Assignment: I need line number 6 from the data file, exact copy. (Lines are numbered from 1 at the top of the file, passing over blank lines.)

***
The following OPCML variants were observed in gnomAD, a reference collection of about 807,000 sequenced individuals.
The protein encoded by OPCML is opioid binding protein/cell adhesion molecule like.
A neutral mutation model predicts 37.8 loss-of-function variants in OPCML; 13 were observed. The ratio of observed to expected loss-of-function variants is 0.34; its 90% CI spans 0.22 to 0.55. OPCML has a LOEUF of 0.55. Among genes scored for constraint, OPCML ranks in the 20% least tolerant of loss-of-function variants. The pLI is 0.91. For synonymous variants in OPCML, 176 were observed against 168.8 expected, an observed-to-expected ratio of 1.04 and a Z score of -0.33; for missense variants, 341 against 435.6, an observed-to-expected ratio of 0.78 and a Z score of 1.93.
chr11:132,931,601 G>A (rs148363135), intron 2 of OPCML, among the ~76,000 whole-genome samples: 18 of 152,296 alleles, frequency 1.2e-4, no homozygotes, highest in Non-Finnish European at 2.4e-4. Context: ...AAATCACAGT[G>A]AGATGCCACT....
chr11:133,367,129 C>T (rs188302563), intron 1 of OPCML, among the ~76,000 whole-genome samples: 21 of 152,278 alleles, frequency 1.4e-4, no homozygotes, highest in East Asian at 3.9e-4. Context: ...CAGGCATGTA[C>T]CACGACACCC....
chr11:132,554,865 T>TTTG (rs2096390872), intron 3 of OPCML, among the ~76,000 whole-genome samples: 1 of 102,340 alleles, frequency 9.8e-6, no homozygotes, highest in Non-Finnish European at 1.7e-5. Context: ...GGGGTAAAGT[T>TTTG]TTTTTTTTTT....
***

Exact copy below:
chr11:132,554,865 T>TTTG (rs2096390872), intron 3 of OPCML, among the ~76,000 whole-genome samples: 1 of 102,340 alleles, frequency 9.8e-6, no homozygotes, highest in Non-Finnish European at 1.7e-5. Context: ...GGGGTAAAGT[T>TTTG]TTTTTTTTTT....